In "Subterranean Homesick Blues" Bob Dylan sings, "You don't need a weatherman to know which way the wind blows" as a metaphor for impending cultural change. Taking their name from the song, the revolutionary Weathermen felt true change came from direct action. In 1969 and the early 70's they set up underground cells, declared war on the U.S., armed themselves with guns, and bombed their targets with improvised explosive devices. In Tom Peterson's timely and promising play, Peace Now, currently at the Midtown International Theater Festival, a Weatherman plans to wreak havoc after secretly infiltrating a group of students who take over a university's administration building. The play spans May 3-5, 1970, and includes a radio report on the infamous Kent State shootings on May 4, when four unarmed people were killed and nine injured.
Despite being one of the "members of a group of protesters who took over our university's administration building," Peterson shies away from labeling his show, which he also directed, a documentary. Indeed, it might be better considered a historical fiction: Peterson weaves personal experience, historical events, and dramatic situations into an intriguing composite of a 70's protest.
Unlike docudramas such as Execution of Justice and Gross Indecency that use discursive approaches, Peace Now is static and linear. The show focuses on the group dynamics among the protesters (and one injured veteran) who find themselves at a crossroads between patriotism and revolution. Peterson draws a convincing set of characters, among which we know there is a Weatherman hiding in wait for the right moment to push the protest into violent extremism.
In an attempt to convey the play's underpinnings and context, Peterson uses certain characters as messenger devices. Joel, a theater major (capably played by Michael C Maronna), gives a speech about the Weathermen and their history. Liberti, a quick-mouthed protester (passionately portrayed by Adrianne Rae-Rodgers), makes a compelling argument citing various wars and how she hates war but still loves the solider.
In some cases, too much information outweighs the dramatic situation, and Peterson's style slips into a prescription for an apathetic generation that faces similar issues but does nothing. Where he excels, however, is in the point-counterpoint arguments between characters. The former soldier Petrovich (a stoic Matthew Decapua) debates flag burning with protest leader Elaine (beautifully played by Cameron Blair), resulting in a richly written and well-acted conflict, one that is playing itself out again in today's courts.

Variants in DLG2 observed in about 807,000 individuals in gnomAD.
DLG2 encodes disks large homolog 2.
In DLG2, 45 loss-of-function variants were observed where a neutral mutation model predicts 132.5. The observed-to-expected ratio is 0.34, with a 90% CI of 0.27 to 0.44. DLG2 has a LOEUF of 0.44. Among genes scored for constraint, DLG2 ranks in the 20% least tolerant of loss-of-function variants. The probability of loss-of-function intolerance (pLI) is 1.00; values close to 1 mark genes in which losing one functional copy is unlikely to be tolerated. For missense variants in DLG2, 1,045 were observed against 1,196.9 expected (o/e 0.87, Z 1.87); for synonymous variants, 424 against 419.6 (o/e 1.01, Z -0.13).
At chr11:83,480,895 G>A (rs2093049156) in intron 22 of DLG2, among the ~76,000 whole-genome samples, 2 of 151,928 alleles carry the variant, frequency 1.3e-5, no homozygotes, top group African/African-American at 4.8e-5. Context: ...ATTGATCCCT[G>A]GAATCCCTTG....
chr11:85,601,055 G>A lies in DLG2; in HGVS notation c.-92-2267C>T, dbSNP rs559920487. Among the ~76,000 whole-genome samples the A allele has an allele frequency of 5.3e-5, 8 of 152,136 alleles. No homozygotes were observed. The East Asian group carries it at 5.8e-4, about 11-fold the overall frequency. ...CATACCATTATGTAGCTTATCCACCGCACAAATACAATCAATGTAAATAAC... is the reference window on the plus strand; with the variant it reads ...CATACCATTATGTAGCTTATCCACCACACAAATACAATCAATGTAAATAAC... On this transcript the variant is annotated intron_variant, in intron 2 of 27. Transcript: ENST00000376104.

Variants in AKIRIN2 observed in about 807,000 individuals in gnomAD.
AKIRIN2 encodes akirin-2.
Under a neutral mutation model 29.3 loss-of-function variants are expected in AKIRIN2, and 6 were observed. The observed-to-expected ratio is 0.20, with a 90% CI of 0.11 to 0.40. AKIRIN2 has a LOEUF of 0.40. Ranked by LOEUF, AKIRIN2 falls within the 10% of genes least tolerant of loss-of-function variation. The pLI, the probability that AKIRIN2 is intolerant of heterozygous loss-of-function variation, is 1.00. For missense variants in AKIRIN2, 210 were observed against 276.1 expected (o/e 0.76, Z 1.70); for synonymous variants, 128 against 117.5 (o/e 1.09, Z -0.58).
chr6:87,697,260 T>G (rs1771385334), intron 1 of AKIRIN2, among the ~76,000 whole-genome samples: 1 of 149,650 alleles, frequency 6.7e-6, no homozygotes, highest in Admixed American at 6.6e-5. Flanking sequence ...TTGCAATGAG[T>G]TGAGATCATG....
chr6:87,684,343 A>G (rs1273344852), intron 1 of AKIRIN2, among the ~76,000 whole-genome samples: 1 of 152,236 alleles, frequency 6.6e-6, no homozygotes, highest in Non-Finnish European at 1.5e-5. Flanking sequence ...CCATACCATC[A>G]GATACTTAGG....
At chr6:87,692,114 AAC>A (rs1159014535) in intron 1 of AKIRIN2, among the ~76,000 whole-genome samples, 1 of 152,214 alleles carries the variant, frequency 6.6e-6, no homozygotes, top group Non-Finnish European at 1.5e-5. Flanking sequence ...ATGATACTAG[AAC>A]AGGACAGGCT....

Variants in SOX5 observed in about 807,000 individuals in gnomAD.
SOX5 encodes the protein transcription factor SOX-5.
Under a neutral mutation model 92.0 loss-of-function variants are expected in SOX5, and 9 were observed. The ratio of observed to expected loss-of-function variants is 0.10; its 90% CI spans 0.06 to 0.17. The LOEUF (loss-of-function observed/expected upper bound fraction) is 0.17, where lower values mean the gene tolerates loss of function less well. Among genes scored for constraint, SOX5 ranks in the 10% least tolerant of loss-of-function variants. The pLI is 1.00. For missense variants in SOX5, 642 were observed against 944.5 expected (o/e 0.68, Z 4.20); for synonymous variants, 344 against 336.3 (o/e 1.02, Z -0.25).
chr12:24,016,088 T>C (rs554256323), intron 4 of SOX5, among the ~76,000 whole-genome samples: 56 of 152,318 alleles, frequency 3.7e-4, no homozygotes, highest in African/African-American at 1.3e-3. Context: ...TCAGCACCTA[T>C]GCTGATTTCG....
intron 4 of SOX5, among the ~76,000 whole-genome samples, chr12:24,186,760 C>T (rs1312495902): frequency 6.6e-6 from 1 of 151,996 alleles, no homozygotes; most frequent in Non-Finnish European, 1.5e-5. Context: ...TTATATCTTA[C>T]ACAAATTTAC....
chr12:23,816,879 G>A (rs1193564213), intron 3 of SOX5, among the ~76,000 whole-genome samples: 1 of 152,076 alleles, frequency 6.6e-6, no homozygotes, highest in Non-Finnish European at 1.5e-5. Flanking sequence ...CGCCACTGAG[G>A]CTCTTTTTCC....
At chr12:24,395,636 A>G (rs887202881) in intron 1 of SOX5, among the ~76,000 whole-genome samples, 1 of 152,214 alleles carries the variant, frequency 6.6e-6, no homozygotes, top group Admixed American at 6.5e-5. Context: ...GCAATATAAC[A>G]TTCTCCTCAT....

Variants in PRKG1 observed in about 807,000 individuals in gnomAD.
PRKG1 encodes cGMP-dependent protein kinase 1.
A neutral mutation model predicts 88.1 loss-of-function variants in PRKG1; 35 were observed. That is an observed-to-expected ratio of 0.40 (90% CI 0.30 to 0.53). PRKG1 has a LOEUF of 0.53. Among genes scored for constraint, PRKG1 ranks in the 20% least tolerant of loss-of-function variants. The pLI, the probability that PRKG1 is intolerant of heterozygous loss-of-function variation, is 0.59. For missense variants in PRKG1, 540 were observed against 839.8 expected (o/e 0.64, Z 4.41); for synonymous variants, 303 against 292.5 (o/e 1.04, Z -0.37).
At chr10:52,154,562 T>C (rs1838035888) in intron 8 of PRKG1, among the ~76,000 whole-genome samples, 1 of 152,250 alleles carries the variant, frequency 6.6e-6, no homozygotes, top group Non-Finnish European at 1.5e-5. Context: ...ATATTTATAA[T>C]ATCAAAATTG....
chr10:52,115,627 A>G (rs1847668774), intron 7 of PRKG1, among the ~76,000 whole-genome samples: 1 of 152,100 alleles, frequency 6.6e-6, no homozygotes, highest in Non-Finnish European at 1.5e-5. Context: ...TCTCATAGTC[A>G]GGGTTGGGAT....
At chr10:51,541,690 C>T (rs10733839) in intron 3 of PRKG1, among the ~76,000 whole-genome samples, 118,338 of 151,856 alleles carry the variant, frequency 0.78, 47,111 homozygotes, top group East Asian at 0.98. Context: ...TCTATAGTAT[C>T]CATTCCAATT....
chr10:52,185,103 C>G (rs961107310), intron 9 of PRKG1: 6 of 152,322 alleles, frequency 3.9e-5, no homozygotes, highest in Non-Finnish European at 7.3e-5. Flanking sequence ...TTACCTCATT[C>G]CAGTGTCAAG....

In fact, Peace Now offers a wide range of clashing ideologies that have modern-day echoes. Each character brandishes his or her own form of patriotism, and the bonds or infighting this creates effectively drive the play (and the country) forward. The cast is very talented, with standouts including the impressively understated Frank Harts (as Alan, who supports the Black Panthers) and fresh-faced Kim Shaw (Susan, the doe-eyed freshman).
The set is simple: a desk and a chair and a back wall of windows that the cast uses to egg on the protest and the National Guardsmen accumulating outside. This figuratively places the audience in the administration building with the play's dissidents (a wishful choice perhaps?). One suggestion: If that wall functioned instead as a fourth wall and the actors faced out, it would allow audience to shift from perspective to perspective: from a protester to a National Guardsman, or from a student to an administrator.
With their unresolved dualism, Peterson's crafted dialogues paint an evocative portrait of 1970 and recall a time when dissent and patriotism were not mutually exclusive, as many believe today. With more development, Peace Now could become not only a distant voice from the past but surely an important beacon of the future.
See Peace Now's Web site for the performance schedule at www.peacenowplay.com.